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Artinger Custom Guitars Semi-Hollow Guitar Review

Artinger Custom Guitars Semi-Hollow Guitar Review

A Semi-Hollow model with twin humbuckers and Brazilian rosewood appointments.


Clips recorded using Fryette S.A.S. distortion pedal, Fender Pro Junior amp, Planet Waves Custom Pro cables, and Apogee Duet into GarageBand.

When Matthew Artinger established

his namesake guitar company in

1997, he was just 19 and fresh from an

apprenticeship with a local master cabinetmaker.

Since then, the Pennsylvania-based

luthier has built a line of hollow,

semi-hollow, and solidbody

guitars based on designs that blend

traditional feel and tone with

aesthetic features like dramatic

body curves and carves, and

wooden pickup covers and

control knobs. In his one-man

shop, Artinger currently makes

between 30 and 40 guitars

per year. We spent some quality

time with one of these

instruments—a Semi-Hollow

model with twin humbuckers

and Brazilian rosewood


Hybrid Construction and

Impeccable Craftsmanship

The construction of Artinger’s Semi-Hollow unites design concepts from

Gibson’s ES-335 and Les Paul—specifically

the latter guitar’s use of a maple cap.

In the case of the Artinger Semi-Hollow,

the body is made from a chambered piece

of solid mahogany that’s capped with a

thin piece of solid carved maple. This resonant

combination is affixed to a carbon

fiber-reinforced mahogany neck that feels

especially stable.

The Artinger’s tonewoods are something

special. The big-leaf maple cap is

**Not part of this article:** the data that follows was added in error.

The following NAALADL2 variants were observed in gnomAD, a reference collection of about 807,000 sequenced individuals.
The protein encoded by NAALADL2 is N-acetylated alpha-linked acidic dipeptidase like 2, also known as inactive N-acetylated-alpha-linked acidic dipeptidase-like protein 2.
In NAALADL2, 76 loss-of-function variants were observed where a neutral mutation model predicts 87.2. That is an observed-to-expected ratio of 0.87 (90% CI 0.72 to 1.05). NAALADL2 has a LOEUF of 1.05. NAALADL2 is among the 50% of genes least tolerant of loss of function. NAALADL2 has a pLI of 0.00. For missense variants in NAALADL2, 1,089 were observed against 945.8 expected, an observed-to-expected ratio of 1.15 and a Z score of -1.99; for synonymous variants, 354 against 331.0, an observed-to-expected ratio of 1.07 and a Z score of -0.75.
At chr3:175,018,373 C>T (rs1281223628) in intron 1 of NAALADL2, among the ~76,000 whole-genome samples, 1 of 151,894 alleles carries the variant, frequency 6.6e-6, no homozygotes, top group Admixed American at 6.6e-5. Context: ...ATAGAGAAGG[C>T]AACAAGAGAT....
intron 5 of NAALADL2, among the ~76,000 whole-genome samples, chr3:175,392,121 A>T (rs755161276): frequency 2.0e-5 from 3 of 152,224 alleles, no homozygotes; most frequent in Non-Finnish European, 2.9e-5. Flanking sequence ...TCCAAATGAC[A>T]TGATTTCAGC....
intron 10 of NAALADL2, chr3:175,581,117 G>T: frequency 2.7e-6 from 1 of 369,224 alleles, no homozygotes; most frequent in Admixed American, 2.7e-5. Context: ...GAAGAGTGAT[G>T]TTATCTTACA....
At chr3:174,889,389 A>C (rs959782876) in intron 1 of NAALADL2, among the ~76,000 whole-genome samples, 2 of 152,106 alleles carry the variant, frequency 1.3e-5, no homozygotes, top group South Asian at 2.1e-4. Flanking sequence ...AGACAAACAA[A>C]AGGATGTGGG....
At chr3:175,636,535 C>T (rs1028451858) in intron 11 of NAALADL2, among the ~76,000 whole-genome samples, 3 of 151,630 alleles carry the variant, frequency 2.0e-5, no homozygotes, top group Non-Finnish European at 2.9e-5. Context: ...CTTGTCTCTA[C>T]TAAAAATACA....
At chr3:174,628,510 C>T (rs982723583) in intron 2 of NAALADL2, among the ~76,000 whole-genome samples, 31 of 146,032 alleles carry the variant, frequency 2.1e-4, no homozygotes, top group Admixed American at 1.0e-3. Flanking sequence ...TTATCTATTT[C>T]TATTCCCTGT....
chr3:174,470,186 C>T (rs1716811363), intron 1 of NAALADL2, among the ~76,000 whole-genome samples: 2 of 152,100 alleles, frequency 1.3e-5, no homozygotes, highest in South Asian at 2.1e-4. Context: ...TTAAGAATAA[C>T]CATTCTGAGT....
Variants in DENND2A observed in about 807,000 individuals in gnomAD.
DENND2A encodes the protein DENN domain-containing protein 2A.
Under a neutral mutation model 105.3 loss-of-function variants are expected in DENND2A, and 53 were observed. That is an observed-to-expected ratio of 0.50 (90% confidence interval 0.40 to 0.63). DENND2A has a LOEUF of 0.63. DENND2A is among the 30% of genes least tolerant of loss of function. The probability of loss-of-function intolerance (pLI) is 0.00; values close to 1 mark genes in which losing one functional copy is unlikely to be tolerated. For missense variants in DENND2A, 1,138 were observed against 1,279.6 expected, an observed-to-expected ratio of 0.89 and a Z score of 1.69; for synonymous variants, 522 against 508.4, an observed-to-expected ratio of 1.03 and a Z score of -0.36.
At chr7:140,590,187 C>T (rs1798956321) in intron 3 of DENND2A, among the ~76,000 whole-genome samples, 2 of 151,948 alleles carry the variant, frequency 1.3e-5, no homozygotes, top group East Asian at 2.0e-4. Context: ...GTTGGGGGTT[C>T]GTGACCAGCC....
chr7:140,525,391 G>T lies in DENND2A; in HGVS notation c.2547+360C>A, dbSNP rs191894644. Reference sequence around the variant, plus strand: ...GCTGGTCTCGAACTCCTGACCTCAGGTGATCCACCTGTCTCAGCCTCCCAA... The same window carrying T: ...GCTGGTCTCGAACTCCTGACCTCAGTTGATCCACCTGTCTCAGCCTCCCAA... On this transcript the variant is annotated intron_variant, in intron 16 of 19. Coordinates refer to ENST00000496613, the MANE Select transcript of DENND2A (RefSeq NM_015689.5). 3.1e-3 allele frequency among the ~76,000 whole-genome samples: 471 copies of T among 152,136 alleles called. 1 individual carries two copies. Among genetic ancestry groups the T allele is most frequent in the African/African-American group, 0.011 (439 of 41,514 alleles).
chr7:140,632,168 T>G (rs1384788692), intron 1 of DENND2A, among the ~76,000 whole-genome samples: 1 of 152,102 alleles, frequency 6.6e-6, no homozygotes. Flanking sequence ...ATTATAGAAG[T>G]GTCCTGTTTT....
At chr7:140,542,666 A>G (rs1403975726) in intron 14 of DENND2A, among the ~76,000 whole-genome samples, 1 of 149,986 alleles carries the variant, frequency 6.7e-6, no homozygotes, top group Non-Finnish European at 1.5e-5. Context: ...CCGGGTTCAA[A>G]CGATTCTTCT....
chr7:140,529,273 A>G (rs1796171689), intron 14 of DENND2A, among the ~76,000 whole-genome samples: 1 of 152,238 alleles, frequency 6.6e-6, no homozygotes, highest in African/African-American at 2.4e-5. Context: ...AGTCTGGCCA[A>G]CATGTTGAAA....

tiger-striped and eye-catching, but not

overly dramatic or flashy. The mahogany

neck and back have a tight, beautiful grain

pattern. But the Brazilian rosewood used

for the Semi-Hollow’s fretboard, headplate,

truss-rod cover, tailpiece, control knobs,

and even toggle-switch tip is the most

striking wood, with its swirling chocolate

figuring. I only wish that the Brazilian had

been used on the pickup surrounds as well,

instead of black plastic.

Accessories on our Semi-Hollow are

premium stuff too. The gold Gotoh 510

tuners are smooth and precise, and the

Gotoh bridge is an upgrade from a standard

Tune-o-matic-style bridge. A Dunlop Flush

Mount Straplok system is also included.

The ornamentation on our Semi-Hollow

is pretty and tasteful. The fretboard has

micro-dot position markers that are shifted

toward the player below the 12th fret and

toward the treble side above it. There are

pearl dots on the side of the fretboard,

and the neck has ivoroid binding that

also appears on the top of the body, the

headstock, and the two cat-eye-style soundholes.

Paua abalone trim on the edges of

the neck and headstock is cool, if just shy

of excessive, while a Brazilian rosewood heel

cap is a nice and subtle detail.

Craftsmanship on the Semi-Hollow is

absolutely top-notch. The catalyzed acrylic

finish is totally flawless and handrubbed to a

luxurious gloss. The fretwork and the string

slots on the bone nut and metal saddles are

similarly meticulous. The only thing even

approaching a flaw that I could find was

just a hint of roughness on the body interior

where the mahogany had been routed.

Great Feel and Killer Sounds